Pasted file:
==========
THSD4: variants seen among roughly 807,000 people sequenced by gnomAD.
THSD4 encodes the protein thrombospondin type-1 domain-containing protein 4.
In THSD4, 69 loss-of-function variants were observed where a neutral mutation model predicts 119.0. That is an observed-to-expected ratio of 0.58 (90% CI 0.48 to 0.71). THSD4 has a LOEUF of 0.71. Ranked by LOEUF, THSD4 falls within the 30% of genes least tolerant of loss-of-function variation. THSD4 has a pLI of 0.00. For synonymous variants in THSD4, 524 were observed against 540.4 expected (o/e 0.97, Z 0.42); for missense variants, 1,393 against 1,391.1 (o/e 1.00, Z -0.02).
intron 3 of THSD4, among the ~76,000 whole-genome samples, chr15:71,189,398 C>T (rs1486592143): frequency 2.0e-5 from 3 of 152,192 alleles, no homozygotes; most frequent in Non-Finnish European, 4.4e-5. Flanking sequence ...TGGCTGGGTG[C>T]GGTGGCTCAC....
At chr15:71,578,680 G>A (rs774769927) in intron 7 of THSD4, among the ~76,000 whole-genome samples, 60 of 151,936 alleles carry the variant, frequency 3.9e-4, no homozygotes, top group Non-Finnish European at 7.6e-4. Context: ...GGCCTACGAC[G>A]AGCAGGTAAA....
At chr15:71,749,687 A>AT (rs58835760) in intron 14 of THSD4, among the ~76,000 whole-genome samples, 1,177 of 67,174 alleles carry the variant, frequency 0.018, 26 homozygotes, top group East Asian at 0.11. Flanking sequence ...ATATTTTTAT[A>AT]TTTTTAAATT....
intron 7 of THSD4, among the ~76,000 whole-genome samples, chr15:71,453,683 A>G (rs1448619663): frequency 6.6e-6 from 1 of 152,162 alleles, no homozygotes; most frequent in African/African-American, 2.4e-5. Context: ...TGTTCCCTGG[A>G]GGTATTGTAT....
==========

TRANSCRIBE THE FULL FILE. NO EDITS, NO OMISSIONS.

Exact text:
THSD4: variants seen among roughly 807,000 people sequenced by gnomAD.
THSD4 encodes the protein thrombospondin type-1 domain-containing protein 4.
In THSD4, 69 loss-of-function variants were observed where a neutral mutation model predicts 119.0. That is an observed-to-expected ratio of 0.58 (90% CI 0.48 to 0.71). THSD4 has a LOEUF of 0.71. Ranked by LOEUF, THSD4 falls within the 30% of genes least tolerant of loss-of-function variation. THSD4 has a pLI of 0.00. For synonymous variants in THSD4, 524 were observed against 540.4 expected (o/e 0.97, Z 0.42); for missense variants, 1,393 against 1,391.1 (o/e 1.00, Z -0.02).
intron 3 of THSD4, among the ~76,000 whole-genome samples, chr15:71,189,398 C>T (rs1486592143): frequency 2.0e-5 from 3 of 152,192 alleles, no homozygotes; most frequent in Non-Finnish European, 4.4e-5. Flanking sequence ...TGGCTGGGTG[C>T]GGTGGCTCAC....
At chr15:71,578,680 G>A (rs774769927) in intron 7 of THSD4, among the ~76,000 whole-genome samples, 60 of 151,936 alleles carry the variant, frequency 3.9e-4, no homozygotes, top group Non-Finnish European at 7.6e-4. Context: ...GGCCTACGAC[G>A]AGCAGGTAAA....
At chr15:71,749,687 A>AT (rs58835760) in intron 14 of THSD4, among the ~76,000 whole-genome samples, 1,177 of 67,174 alleles carry the variant, frequency 0.018, 26 homozygotes, top group East Asian at 0.11. Flanking sequence ...ATATTTTTAT[A>AT]TTTTTAAATT....
intron 7 of THSD4, among the ~76,000 whole-genome samples, chr15:71,453,683 A>G (rs1448619663): frequency 6.6e-6 from 1 of 152,162 alleles, no homozygotes; most frequent in African/African-American, 2.4e-5. Context: ...TGTTCCCTGG[A>G]GGTATTGTAT....